Summer is a critical time for energy buyers because temperatures have a significant impact on current and future energy budgets. Not only can hot weather increase price volatility in the spot market and drive up forward prices, but it also influences peak demand. Peak demand on the electrical grid is a key determinant of future capacity and transmission costs.
With summer coming to an end, let’s review the weather and peak demand levels so far.
June-August 2017 is currently on track to be the 10th hottest summer since 1950. This ranking is based on the number of cooling degree days (CDDs), a measure of temperature-driven energy consumption. On a national population-weighted demand basis, this is slightly cooler than the 10-year normal. This is also cooler than the summer of 2016, which was the warmest summer on record. Most of the extreme warmth this summer was limited to the western third of the country. Much of the U.S. east of the Rockies saw a highly variable temperature pattern characterized by a lack of sustained heat. Although periods of hot weather are still possible in late August and early September, the seasonal decline in high temperatures makes it likely that the hottest days of summer are now behind us.
June-August 2017 Temperature Anomalies (Realized + Forecast)
In general, peak loads this summer have fallen on a year-over-year basis and demand has failed to meet forecasted highs. Milder weather versus last year, afternoon thunderstorm activity, and continued growth of demand curtailment programs has all contributed to a lower peak loads compared to summer 2016.
Note: All loads listed below are not final. These grid operators will be publishing official peak load data at a later date.
PJM – The variable temperature pattern this summer from the Midwest to the Mid-Atlantic has generally limited peak loads on the PJM grid. PJM’s summer-to-date peak load of 145.6 GW was set on July 19th from 5-6 pm ET. This peak falls well short of last summer’s peak demand of 151.9 GW set on August 11th, 2016. While early August 2016 was one of the hottest periods from that summer, the first half of August in the PJM region came in cooler than normal for 2017. As a result, PJM’s five highest peak demand levels this summer have all occurred in June and July. The five highest peak demand days so far have been: July 19th (145.6 GW); July 20th (145.3 GW); July 21st (141.8 GW); June 12th (140.9 GW); and June 13th (138.6 GW).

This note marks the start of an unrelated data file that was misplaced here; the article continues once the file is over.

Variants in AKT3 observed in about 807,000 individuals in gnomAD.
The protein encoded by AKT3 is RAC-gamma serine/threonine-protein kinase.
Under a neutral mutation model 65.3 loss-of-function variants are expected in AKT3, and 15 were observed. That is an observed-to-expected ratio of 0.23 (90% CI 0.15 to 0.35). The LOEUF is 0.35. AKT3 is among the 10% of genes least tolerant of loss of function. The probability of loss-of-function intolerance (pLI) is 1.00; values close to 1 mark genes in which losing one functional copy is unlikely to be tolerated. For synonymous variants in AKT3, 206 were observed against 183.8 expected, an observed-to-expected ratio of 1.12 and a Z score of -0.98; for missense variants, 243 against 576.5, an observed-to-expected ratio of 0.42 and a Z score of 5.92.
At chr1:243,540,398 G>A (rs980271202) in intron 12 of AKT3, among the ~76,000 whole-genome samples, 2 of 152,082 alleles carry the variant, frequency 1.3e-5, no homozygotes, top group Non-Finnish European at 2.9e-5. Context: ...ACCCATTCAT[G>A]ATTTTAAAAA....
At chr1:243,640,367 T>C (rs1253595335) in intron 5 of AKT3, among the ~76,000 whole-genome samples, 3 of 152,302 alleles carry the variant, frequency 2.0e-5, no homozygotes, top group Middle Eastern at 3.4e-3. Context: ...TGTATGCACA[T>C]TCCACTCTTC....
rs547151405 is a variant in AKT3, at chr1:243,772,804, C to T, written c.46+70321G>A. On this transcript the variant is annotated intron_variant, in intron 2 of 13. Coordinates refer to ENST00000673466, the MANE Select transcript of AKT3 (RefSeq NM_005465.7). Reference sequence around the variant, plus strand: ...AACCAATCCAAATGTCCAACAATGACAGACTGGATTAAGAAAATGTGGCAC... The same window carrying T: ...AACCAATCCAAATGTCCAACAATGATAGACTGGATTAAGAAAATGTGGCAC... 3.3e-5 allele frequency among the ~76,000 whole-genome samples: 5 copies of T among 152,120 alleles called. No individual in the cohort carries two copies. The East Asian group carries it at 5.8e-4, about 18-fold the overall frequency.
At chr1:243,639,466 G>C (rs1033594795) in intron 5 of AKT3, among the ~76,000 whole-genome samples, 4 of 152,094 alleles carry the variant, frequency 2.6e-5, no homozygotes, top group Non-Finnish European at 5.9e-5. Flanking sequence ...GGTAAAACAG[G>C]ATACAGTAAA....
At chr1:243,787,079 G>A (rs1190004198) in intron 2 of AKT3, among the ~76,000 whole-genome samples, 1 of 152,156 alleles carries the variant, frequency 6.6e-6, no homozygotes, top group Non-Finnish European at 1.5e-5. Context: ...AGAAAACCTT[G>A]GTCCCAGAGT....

NYISO – Similar to PJM, the New York region has seen highly variable weather patterns this summer. This has resulted in wide swings in peak load. Loads in NYISO peaked above 29 GW on both June 12th and 13th, but failed to rise above that mark again for over a month. A heat wave in late July drove loads above 29 GW on three consecutive days from July 19th-21st, with a year-to-date peak established on July 19th at 29.7 GW from 5-6 pm ET. Due to cooler than normal temperatures in August, loads have failed to rise above 28 GW since the summer peak was established in July. By comparison, loads in NYISO peaked at 32.1 GW in August 2016, while the all-time peak load was set in July 2013 at 33.9 GW.
ISO-NE – Although seasonal forecasts generally favored a hotter than normal summer across New England, loads and temperatures have not lived up to expectations. The highest real-time peak load in ISO-NE this summer stands at 23.7 GW, set on June 13th from 4-5pm when high temperatures in Boston rose to the mid-90’s. This is lower than last year’s peak of 25.1 GW. This has also fallen shy of ISO-NE’s pre-summer forecast which predicted loads would peak between 26.5 GW and 28.9 GW.
MISO – The MISO grid spans a large and diverse geographical area from the Canadian border down through the U.S. Midcontinent to Louisiana. As a result, summer temperature patterns can differ widely across the ISO’s footprint. MISO’s summer-to-date peak load of 120.2 GW was set on July 20th from 4-5 pm CT. This is largely in line with last year’s summer peak load of 120.3 GW which was set on July 21st, 2016. While MISO peak loads this summer were consistent with year-ago levels, loads are still short of 2011’s record high of 127 GW and below MISO’s 2017 peak load forecast of 125 GW.
ERCOT – Ahead of the summer 2017, ERCOT released its annual seasonal resource assessment which predicted peak loads could reach as high as 73 GW based on average historical weather conditions. This would be a new record, eclipsing the grid’s previous all-time high of 71.1 GW set last August. A year ago, ERCOT demand surpassed 70 GW in nine hours during the summer due to hotter than normal weather. Temperatures have been quite hot at times this summer in Texas, with loads setting new monthly records for July on three consecutive days. However, unlike last summer, loads have failed to break through the 70 GW mark so far this year. ERCOT’s summer-to-date peak load stands at 69.5 GW, set on July 28th from 5-6 pm CT.
CAISO – The western U.S., including California, has endured the hottest sustained temperature anomalies this summer. Triple-digit temperatures were not uncommon across the region this summer. A heat wave in the second half of June caused the California ISO to issue a statewide “Flex Alert” on June 20th and 21st, urging consumers to conserve electricity. Forecasted usage was estimated to reach 47 GW on both days. With the call for conservation, loads peaked at only 44.1 GW during the month of June, ensuring reliability of the grid. So far this summer, the highest load on the CAISO system occurred on July 7th when loads peaked at 45.3 GW. This ended up being lower than last summer’s peak of 46.0 GW despite some exceptionally hot weather in California this year.